Freeport Journal-Standard from Freeport, Illinois on October 22, 1947 · Page 13
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Freeport Journal-Standard from Freeport, Illinois · Page 13

Freeport, Illinois
Issue Date:
Wednesday, October 22, 1947
Page 13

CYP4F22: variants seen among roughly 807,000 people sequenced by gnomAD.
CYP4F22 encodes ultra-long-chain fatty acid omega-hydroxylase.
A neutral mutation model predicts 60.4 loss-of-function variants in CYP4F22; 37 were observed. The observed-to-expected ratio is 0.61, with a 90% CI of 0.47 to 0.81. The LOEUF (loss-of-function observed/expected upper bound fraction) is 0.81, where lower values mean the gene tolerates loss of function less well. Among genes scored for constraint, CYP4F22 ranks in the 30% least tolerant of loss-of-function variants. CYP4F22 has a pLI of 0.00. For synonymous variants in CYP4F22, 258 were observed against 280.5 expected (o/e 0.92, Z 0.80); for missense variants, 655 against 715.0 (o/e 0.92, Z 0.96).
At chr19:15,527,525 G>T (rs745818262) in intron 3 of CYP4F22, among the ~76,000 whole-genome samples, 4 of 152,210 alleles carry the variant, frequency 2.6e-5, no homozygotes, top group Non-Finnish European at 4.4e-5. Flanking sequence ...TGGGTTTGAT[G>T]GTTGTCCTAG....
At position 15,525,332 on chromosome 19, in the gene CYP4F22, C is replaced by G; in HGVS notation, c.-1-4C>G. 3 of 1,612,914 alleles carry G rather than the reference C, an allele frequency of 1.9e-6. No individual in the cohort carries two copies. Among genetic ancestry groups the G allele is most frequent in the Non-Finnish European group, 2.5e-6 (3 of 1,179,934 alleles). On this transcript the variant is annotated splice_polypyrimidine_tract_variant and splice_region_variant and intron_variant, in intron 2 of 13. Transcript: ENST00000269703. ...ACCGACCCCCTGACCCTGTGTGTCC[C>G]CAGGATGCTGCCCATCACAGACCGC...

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WEDNESDAY, OCTOBER 22, 1947 THE JOURNAL-STANDARD, FREEPORT, ILL. PHONE FOUR WANT ADS 3100 FARM NEWS Membership In Farm Bureau Reaches 2,223 Township units of the Stephenson county farm bureau have just completed holding annual meetings which marked the close of the 194647 membership year. I ^ At these meetings' the members were informed that the membership in the farm bureau has grown from 1,922 in 1946 to 2,223 as of Sept. 30, 1947, according to Leslie Finkenbinder, organization director. Membership in the farm bureau has been on the increase all over the state, according to Mr. Finkenbinder, as shown by the all-time high of 145,851. This is the largest membership ever obtained by any state farm organization in the history of the nation. Other accomplishments of the farm bureau during the past year will be reviewed and plans made for the coming year at the annual meeting to be held in St. Louis on Nov. 17 to 20. Declares Weather Ideal For Picking Of Hybrid Seed Corn Bloomington, 111., Oct. 22.—The weather man has been trying his best to make up for the wet and cold spring that delayed the planting of many acres of corn, declares Dr. J. R. Holbert, manager of the Funk Brothers Seed company. About 100 per cent of the corn crop is now so matured that frost could cause very little damage and each day of weather such as has prevailed during the past week or two will aid greatly in drying the corn before it is placed in the crib. Associate seed growers in Iowa, he said, are two-thirds done with their picking of hybrid seed, and in the Bloomington area the picking is about one-half completed. . The weather has been so fine that picking has been delayed to permit more drying in the field than usual. As a rule seed producers pick their corn early and dry is artificially to be sure it will not be injured by frost or infected with plant disease organisms during the slow natural drying period. "Still A Bad Crop" A lot of corn that would have been soft in a normal fall season now promises fair yields and fair quality, he said. Some fields in this area still show green, the kernels still filling out with the food substance that brings weight and qualtty to the crop. "I still call it a bad corn crop," said Dr. Holbert. "This territory is blessed with better weather for planting and cultivation than most of the corn belt." He told of a recent trip to Kansas City, seeing many poor stands of corn in fields along the route, many late fields, many drowned out patches. There was only half a normal stand of corn in a good portion of all the fields. Even the most ideal weather now can't make up for the extreme late planting in many areas, and* the heavy rains in June. Parts of Iowa got 18 inches of rainfall In June— half a normal year's total rain coming in one month. Great areas of corn were drowned out. Many fields could not be cultivated. Some Jo Daviess Oats Bins Are Found Infested By Weevil Elizabeth, 111., Oct. 22.—Reports have been received at the office of the Jo Daviess county farm bureau here of oats in bins infested with weevil. County Adviser E. V. Stadel is asking all farmers to inspect their grain to determine if the weevil has been their visitor. The weevil is a very small brown tc reddish colored insect that can be readily seen on samples taken from the bin. If weevil are found they can be controlled by using carbon bisul- phide at the rate of 3 gallons per 1,000 bushels of grain or one pound for each 100 cubic feet of grain. This chemical can be poured on burlap sacks and the bags spread over the t&p of the grain. The carbon bisulphide is heavier than air and will filter down through the grain. The user is cautioned not to breathe the fumes nor to use it around fire as it is inflammable. Moore's Watch Shop 125 E. Stephenson St. Expert Watch Repair Prompt Courteous Service WATCHES REBUILT 14 Jo Daviess County Home Bureau Units Organized For 1948 Elizabeth, 111., Oct. 22.—Under the guidance of the home adviser. Mrs. Homer Ctirtiss, and her staff, the Jo Daviess county home bureau has been advancing rapidly the past few months. There are now 14 active clubs and two more are expected to be reorganized this week so that there should be 16 units in the bureau by the time of the annual meeting in Hanover on Thursday. A goal of 300 members has been set for the annual meeting day. In addition to thp building up of the county group, Mrs. Curtiss has been successful in perfecting the organization work in the individual units with the aid of unit members. Following are the 14 active units with their principal officers for the new year of 1947-48: Derinda—Mrs. Harold Reusch, chairman; Mrs. Ray Heer, vice chairman; and Mrs. John Morrison, secretary and treasurer. Elizabeth Sunshine—Mrs. John Brodrecht, chairman; Mrs. Griff Roberts, vice chairman; Mrs. William E. Fahrion, secretary and treasurer. Elizabeth Evening—Mrs. Harold B. Gable, chairman; Mrs. Arthur E. Schulz, vice chairman;'Mrs. Raymond Jones, secretary and treasurer. Elmoville—Mrs. Glenn Williams, chairman; Mrs. Robert Beyer, vice chairman; Mrs. John Ottosen, secretary and treasurer. Eureka—Mrs. Carson Herring, chairman; Mrs. Paul Townsend, vice chairman; Mrs. Delmar Jones, secretary and treasurer. Galena—Mrs. Abe Gerlich, Jr., chairman; Mrs. Harold Schuler, vice chairman; Mrs. R. W. Mougin, secretary and treasurer. Hanover—Mrs. Frank Richmond, chairman; Mrs. J. M. Baumgartner. vice chairman; Mrs. Frank Flack, secretary and treasurer. Nora—Mrs. Orin Balbach, chairman; Mrs. Franklin Leverton, vice chairman; Mrs. A. C. Kepner, secretary and treasure: Schapville—Mrs. Walter Schlichting, chairman; Mrs. Clyde Young, vice chairman; Mrs. Clarence Bohnhoff, secretary and treasurer. South Stockton Rural—Mrs. Harvey V. Grebner, chairman; Mrs. Lauren Johnson, vice chairman; Mrs. Karl Klett, secretary; Mrs. Leon Spencer, treasurer. Stockton—Mrs. Randall Nelson, chairman; Mrs. Charles Bartell, vice chairman; Mrs. Leslie Drane, secretary; Mrs. Lev! Morisse, treasurer. Wards Grove—Mrs. Glenn Schlafer chairman; Mrs Merle Blair, vice chairman; Mrs. Carl Gutzmer, secretary and treasurer. Warren—Mrs. Eleanor Almendinger, chairman; Mrs. Robert Cook, vice chairman; Mrs Iva Leverton, secretary and treasurer. Woodbine—Mrs. Arthur Arnold, chairman; Mrs. Jesse C. Schubert, vice chairman; Mrs. Phillip Townsend, secretary and treasurer. The Mississippi-Missouri river system drains 1,240,000 square miles. Telephone Operators WANTED You'll earn good wages as a telephone operator, with frequent increases. You don't need experience. Friendly competent supervisors will train you along With other girls. You'll find a lot of friends among telephone girls. They're congenial, intelligent and co-operative. Ex-operators will be given wage credit for former service. Stop in today and see Chief Operator. Northwestern Telephone Co PAGE THIRTEEN Stephenson County Junior Fair Members To Meet Friday Night Members of the Stephenson County Junior Fair association will meet in the farm bureau auditorium Friday night, Oct. 24, starting at 8 o'clock. Financial reports of the annual fair held at Taylor park, Freeport, on Aug. 28-30, will be presented and other important business matters will be discussed. Officers of the association are J. Howard Swanzey, president; Clarence Scheider, vice president; Roy Hefty, secretary; Mrs. Myrtm Babler, treasurer, and Mrs. Parker Taft, Paul Kaiser, Clyde Fluegel, Faye Parkinson and John Van Deest, directors. President Truman To Address National Grange Convention President Harry E. Truman, a member of the Kansas City grange, will address the National Grange at its 84th annual convention to be held at Columbus, O., Nov. 12 to 21. Plans for the 83th annual convention of the national organization have been announced by Fred Brenckman, of Washington, D. C., representative of the grange. President Truman will be one of 15,000 candidates in the record class on whom the seventh degree, thp highest degree of the fraternity, will be conferred. The order of Patrons of Husbandry, popular among farmers In both eastern and western states, is strongly represented in congress, in both the senate and house. In the lower house 24 states are represented by one or more congressmen and in the senate at least one from 16 states are grange affiliated, with a total of 22 senators and 56 house members. "The ten day sessions will cover all phases of rural life problems, with a great deal of emphasis on rural education and community betterment as well as scientific research," Mr. Brenckman states. Linseed Oil Plentiful; Re-Export Is Authorized Farmers will not be urged by the United States department of agriculture to plant a lot of flax in 1948. There is so much linseed oil available, says Successful Farming magazine, that re-exports of the Argentina oil brought in lost Spring have been authorized by the department. home were discussed and the auxiliary is planning a bake sale Friday Oct. 31, to start the financing of the stove. Mrs. Fred Olson will be in charge of the project. Mrs. L. A. Frank and Mrs. Harry Carbaugh have charge of purchasing the stove. The following standing committee chairmen were appointed: Americanism—Mrs. Ernest Remmers; auxiliary loan fund and education of orphans of veterans, Mrs. Frank Williams; child welfare, Mrs. Harve Queckboerner; community service, Mrs. Rufas Kahler; finance, Mrs. Fred Olson; gold star, Mrs. O. H. Etnyre; legislative and revisions, Mrs. Earl Coble; membership, Mrs. Richard Strauch; music, Mrs. Emmert Zumdahl; notional defense, Mrs. Hazel M. Strauch; Pan-America^ study, Mrs. Jack Martin; past president parley, Mrs. Carl Kness; poppy, Mrs. L. A. Frank; publicity, Mrs. George Schleuning; rehablli- .ations and veterans employment;, Mrs. Arthur Miller; veteran's craft exchange, Mrs. Claude Mcchllng. After the business meeting lunch was served by the hostess. The November meeting will be held In the home of Mrs. Richard Strauch. Mystery Thriller To Be Presented By Winshw Senior Class Winslow, 111., Oct. 22.—Nearly everyone likes to try and solve a good detective yarn, which stimulates the mind and Is a lot of fun besides. Local people will have an opportun- ty to try their hand at finding out Just what is behind the exciting events in "the high school mystery" which Is the title of the three-act mystery play, to be presented by The Harry Tracys Give Birthday Dinner For Granddaughter Rock City, 111., Oct. 22.—Mr. and Mrs. Harry Tracy entertained a group of relatives Sunday at a birthday dinner in honor of their granddaughter, Carol Sue Canterbury of Rockford, who celebrated her third birthday. Those attending were her parents, Mr. and Mrs. William Canterbury and daughter Vee Ann and Mr. and Mrs. Harry Anderson, of Rockford; Mr. and Mrs. William Breeze, and Diane and Fred Breeze, of Pecatonica; Mr. and Mrs. Merle Meinert and son, Douglas, of Davis. Carol Sue was nicely remembered. Mr. and Mrs. Robert Waldecker, of Rockford; 1 Mr. and Mrs. Charles McDermott and daughters, Susie and Jenifer, and Mrs. Frank McDermott, of Freeport; Mr. and Mrs. Robert Thoren and son, John Robert, and E. F, Fufford of Rock City, enjoyed a picnic dinner Sunday in the W. R. Thoren home. Mr. and Mrs, C. .F. Tlelkemeier were Sunday dinner guests of Mr. and Mrs.\C. C. Gloss, In Freeport. Miss Shirley Husi was a week-end guest of her aunt, Mrs. Floyd Mon- tifelt, at Beloit, Wis. Mr. and Mrs. H. I. Barr and son, Edgar were Sunday dinner guests of Miss Jean Smith, at Freeport. Miss Bertha Tilkemeler of Davis, spent several days at her home here. Mrs. H. I. Barr called on Mrs. David La Shells at Deaconess hospital Saturday. 'Pal' Still Awaiting New Master's Arrival Monroe, Wis., Oct. 22,—Pal, a brown dog of part chow ancestry, still guards the house of his late mistress, Miss Lenza Benage, but he's only waiting for his new owner to come along and take charge of him. And there's the rub. During Miss Lenza's lost illness she kept repeating, "Pal will have a fine home. They'll take good care of him. They want him." Yet although Miss Lenza's sister, Mrs. Harry Swartz, tried repeatedly to get Lenza to mention the name of the person who was to take her dog after she had gone, she was unsuccessful. She's hoping the new owner will show up soon. Chadwick Legion Auxiliary Meets Chadwick, 111., Oct. 22.—The Chadwick unit of the American Legion auxiliary met Monday night in the home of Mrs. John Magill, president of the auxiliary. 'After the opening ceremony, minutes of the last meeting were read and approved, roll call was answered with the name of a foreign country, the reason being that each year the auxiliary must study a foreign country named by the national officers. This year the auxiliary will study Argentina. Plans, for buying an electric stove for the Legion the senior class of Winslow high school, on the evening of Oct. 31, in the high school gymnasium. "The High School Mystery" 1s a thrilling mystery story which Is supposed to take place in any modern high school auditorium during the dress rehearsal for the class play. It is a whirwind of excitement, laughs and surprises.and the local cast is most enthusiastic over their parts In the production. Tickets are now on sale by the ! members of the senior class and seals may be reserved at Zlpse's drug store over the week-end. Mr. and Mrs. Harlan Lee and family visited over the week-end at the Lake Lone Cranberry Marsh and the Wisconsin Rnpids Paper Mills and numerous places of interest, in Wisconsin. They also visited at the homo of Mr. and Mrs. Herman Knlpschild at Wisconsin Rapids where they have recently bought a farm, having moved there from Freeport. The week of prayer and self denial will be observed by the Methodist W. S. C. S. with a share-a-dish dinner at the home of Mrs. Franklin George, on Wednesday. Oct. 29, followed by a program beginning at 2 o'clock. All members are urged to be present, and those who have sold the "glasses-cleaners" are asked to turn in the proceeds on that day to Mrs. Florence Rohde. Anyone who has any castoff clothing, bedding, shoes, curtains or any other article which can be used by the "Good Will Charities" Is. asked to leave their contributions with Mrs. Arthur Leverlngton or Mrs. Marian Armstrong by' Nov. 1. The N. Y. F. will hold a scrap paper drive Saturday morning, Oct. 25. Please have your paper socure- Hollywood Previews Women's Clothes Of Predictable Future Hollywood, Oct. 22.—(/P)—. What California designers think clothes will look like in the predictable future Is pretty close to being out of this world. And If it Isn't— It should be, if style trends displayed at Monday night's "fashion futures" show are a fair sample. Nearly 100 designers, representing movie studios, custom houses and manufacturers modeled their forecasts before some 1,200 visiting store executives on* the giant revolving stage in Earl Carroll's night spot. The new longer look prevailed. Not even Adrian—Hollywood's last hold-out against dropping hemlines —challenged the controversial trend, "cover 'em lip" was the motif of 1948 Californla-made-fashions— except in a few Instances in which ly tied and out in front by 9 o'clock. designers made up for hiding tht legs by baring the bosom. Screw-ball fashions Included: A white fleece coat with electrically heated pockets, thermostatically controlled, by Elois Jensen of Enterprise studios, who at, 23 Is the youngest of the movie designers. Evening clothes for men in navy blue, by Ralph Carver, who Introduced the "Eisenhower" battle jacket to replace tuxedos. AREYOUPAlf due to MONTHLY LOSSES? You girls and women who lose so much during monthly periods that you're pale, weak, "dragged out','— this may be due to lack of blood-Iron. So try Lydla E. Plnkham's TABLETS — one of the best home ways to build up red blood— In such cases. Plnkham's Tablets are one of the best blood-Iron tonics you can buy! lydiaLPinkham'sTOetCTS FLOORING Asphalt Tile Inlaid Linoleum - All Colors Freeport Roofing Co. 412 W. Main State 408 Is Your Cor Ready for Winter Weather? Winter is just "over the hill". . . will strike with full fury any day. To protect your car, stop at any D-X Station tomorrow for complete D-X Winter Change-Over Service! D-X MOTOR 011-7 Drain and refill crankcase with Winter-grade D-X Motor Oil, the premium-type lubricant that protects your engine at any temperature, yet provides easy starting on the coldest day. D-X is tough, long lasting, economical, cleans «» it lubricates — it is 7 WAYS BETTER. D-X MOTOR fUEL 5-4c For quick starting on cold days, depend on D-X or D-X Ethyl. These are different motor fuels . . . provide protective lubrication to upper-cylinder parts, in addition to possessing all of the best features of the best gasolinesl D-X tfawutte&t £«£>Uc*U6* D-X Lubrication provides exactly the correct lubricant, in the right amount, for every friction point on chassis and body. MID-CONTINENT PETROLEUM CORPORATION HUND R EDS OF GASOLINES 6ut ottty otte D-X WASHING GREASING JOE .AND CHUCK'S SERVICE CORNER WEST and WEST GALENA AVENUE STATION HOURS-7 A. M.-9 P. M. JOE GENNUSA Props.— CHUCK MYERS ROAD SERVICE TIRE REPAIRING Round-up Day Is Coming! Free Eats — Free Entertainment — Free Gifts Watch This Paper for Details